Block on Trump's Asylum Ban Upheld by Supreme Court
King Solomon is rolling over in his grave right now.
A woman gave birth to twins from different races. Read that sentence again, then imagine King Solomon with his head between his hands.
It was a migraine-inducing puzzle: one of the babies was African-American and the other was Chinese. But this is not Ripley's Believe It Or Not; this is FindLaw.
It was not as hard to figure out the parentage as it was to sort out the legal relationships. Genetic testing unraveled the paternal connections.
One twin was fathered by the woman's spouse and the other child came from a Chinese couple who hired her as a surrogate. It's not clear what the order of conception was, but the fertilized egg probably came first.
In any case, these things do happen in surrogacy cases. It's just not supposed to happen.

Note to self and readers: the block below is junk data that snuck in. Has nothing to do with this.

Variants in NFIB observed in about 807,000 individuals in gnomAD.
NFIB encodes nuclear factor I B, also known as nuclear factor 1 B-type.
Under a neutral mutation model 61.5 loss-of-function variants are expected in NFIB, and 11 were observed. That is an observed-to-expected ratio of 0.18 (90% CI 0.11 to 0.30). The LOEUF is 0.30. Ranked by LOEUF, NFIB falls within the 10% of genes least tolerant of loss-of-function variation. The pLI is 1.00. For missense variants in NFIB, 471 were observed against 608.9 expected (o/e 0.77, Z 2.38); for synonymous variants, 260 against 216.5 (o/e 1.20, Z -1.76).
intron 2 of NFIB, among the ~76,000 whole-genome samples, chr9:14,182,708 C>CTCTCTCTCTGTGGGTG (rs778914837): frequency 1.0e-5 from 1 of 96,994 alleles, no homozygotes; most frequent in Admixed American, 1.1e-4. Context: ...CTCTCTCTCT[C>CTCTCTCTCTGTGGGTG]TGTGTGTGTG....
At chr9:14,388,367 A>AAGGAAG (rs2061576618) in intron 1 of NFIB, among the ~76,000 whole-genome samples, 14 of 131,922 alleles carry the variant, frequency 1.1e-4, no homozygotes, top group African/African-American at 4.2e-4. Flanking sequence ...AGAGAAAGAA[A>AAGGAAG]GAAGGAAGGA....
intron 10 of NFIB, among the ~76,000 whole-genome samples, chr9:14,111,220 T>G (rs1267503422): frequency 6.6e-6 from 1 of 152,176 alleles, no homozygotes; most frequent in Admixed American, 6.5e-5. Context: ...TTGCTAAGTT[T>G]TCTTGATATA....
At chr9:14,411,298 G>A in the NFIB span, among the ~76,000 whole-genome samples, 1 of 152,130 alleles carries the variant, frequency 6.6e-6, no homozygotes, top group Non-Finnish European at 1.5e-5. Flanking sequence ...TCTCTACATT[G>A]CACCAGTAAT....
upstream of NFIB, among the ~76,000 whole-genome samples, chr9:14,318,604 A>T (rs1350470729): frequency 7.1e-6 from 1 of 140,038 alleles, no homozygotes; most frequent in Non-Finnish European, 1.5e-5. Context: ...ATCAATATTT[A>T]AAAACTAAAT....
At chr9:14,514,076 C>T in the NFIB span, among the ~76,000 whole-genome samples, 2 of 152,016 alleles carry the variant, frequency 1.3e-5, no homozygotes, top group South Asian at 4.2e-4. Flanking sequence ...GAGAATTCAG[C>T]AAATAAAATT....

Since the surrogate signed waivers, she unknowingly gave up parental rights to her own child.
Ellen Trachman, a surrogacy attorney, said the surrogacy agency and the intended parents were talking about putting the child up for adoption.
"What?!" she wrote for Above the Law. "That's crazy."
The story ended well, however, when the surrogate and her genetic child were reunited. Trachman said a surrogate should be deemed the legal parent of her own genetic child -- even if she disregards a doctor's orders to abstain from sex.
Surrogates may have to sign "no sex" clauses to avoid the predicament in the future, Trachman said. Not sure how that would have worked in the past with King Solomon, who had 1,000 wives.
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